On Saturday October 26 we had the first part of our parish annual assembly, a day to evaluate what we are doing in the parish. More than fifty people came and we worked in groups. The first part was identifying social problems. Problems of water and deforestation were identified as two of the most serious problems. Migration and its effect on the disintegration of families, health problems and the lack of health services, and drugs and alcohol were also frequently mentioned. We also evaluated the formation activities in the parish as well as organizational issues.

I had to leave early since young people from six different places were having a day long get-together. They had asked me to come for a closing Celebration of the Word with Communion. I arrived and they were still doing a number of activities. After the celebration, I had a short evaluation with the leaders. There is a great desire for formation.

AMIGA Honduras, a medical group that comes to our area twice year arrived on Friday. I drove some of them to San Juan Concepción Saturday morning before the parish meeting. But I really didn’t get to interact with them until they got to Sunday Mass in Dulce Nombre. That afternoon, they came to my house and I shared with them some of my thoughts on the situation of Honduras.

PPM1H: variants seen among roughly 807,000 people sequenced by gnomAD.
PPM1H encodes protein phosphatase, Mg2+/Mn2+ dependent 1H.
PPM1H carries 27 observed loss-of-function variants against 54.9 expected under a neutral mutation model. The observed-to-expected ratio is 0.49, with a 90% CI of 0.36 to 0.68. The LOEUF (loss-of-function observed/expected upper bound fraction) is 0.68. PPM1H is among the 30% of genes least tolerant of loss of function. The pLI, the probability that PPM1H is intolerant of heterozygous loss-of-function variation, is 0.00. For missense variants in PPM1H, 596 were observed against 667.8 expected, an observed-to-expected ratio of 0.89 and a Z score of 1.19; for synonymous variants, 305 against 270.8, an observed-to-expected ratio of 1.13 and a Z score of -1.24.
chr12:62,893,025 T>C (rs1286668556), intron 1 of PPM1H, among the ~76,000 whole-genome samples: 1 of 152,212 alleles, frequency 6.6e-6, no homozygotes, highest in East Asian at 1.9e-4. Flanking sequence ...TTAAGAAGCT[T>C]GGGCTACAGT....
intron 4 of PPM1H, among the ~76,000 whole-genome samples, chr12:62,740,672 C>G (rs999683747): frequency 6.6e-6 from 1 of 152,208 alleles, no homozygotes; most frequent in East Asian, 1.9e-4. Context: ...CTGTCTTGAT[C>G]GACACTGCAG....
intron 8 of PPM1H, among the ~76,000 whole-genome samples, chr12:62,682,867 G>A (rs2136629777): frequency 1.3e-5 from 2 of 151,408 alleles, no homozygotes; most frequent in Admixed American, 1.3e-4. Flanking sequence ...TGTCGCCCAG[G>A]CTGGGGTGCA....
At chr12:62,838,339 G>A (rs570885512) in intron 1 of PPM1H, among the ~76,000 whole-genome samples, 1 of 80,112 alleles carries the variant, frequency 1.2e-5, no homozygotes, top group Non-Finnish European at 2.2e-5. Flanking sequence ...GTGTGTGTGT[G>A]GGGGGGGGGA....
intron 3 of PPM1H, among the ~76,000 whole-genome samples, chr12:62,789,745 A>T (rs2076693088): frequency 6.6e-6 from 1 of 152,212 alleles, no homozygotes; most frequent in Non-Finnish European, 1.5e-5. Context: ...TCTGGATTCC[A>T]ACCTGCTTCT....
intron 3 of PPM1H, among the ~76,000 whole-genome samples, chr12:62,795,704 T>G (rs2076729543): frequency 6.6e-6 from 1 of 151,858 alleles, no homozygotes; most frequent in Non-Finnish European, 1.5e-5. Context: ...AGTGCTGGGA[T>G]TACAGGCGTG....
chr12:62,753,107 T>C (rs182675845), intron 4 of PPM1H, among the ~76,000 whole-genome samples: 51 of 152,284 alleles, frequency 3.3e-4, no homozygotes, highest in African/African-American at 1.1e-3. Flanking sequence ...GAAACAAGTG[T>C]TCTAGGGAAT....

Monday and Tuesday they went to two rural communities – El Zapote de Dulce Nombre and Granadillal. I accompanied them to help with translation, although they had help from some young people from a bilingual school in Santa Rosa de Copán.

In Granadillal, they saw over 550 people – many of whom I know. This was the first time a medical brigade had been in that region – and it was apparent to me that the needs are great in that part of the parish. I hope they can get there when they come next June.

Wednesday in the afternoon I helped arrange the delivery of a wheel chair from the brigade to a dentist I know who would see that it was delivered to a remote village in Ocotepeque.

Friday was the feast of All Saints, which is not very big here. But there was a Mass in the cemetery of Oromilaca, which is in a beautiful place, with gorgeous views. I could even see my house in Plan Grande several miles away!

Padre German had another Mass that day, in the cemetery of San Agustín, but he had four Masses on Saturday, All Souls Day, the commemoration of the faithful departed.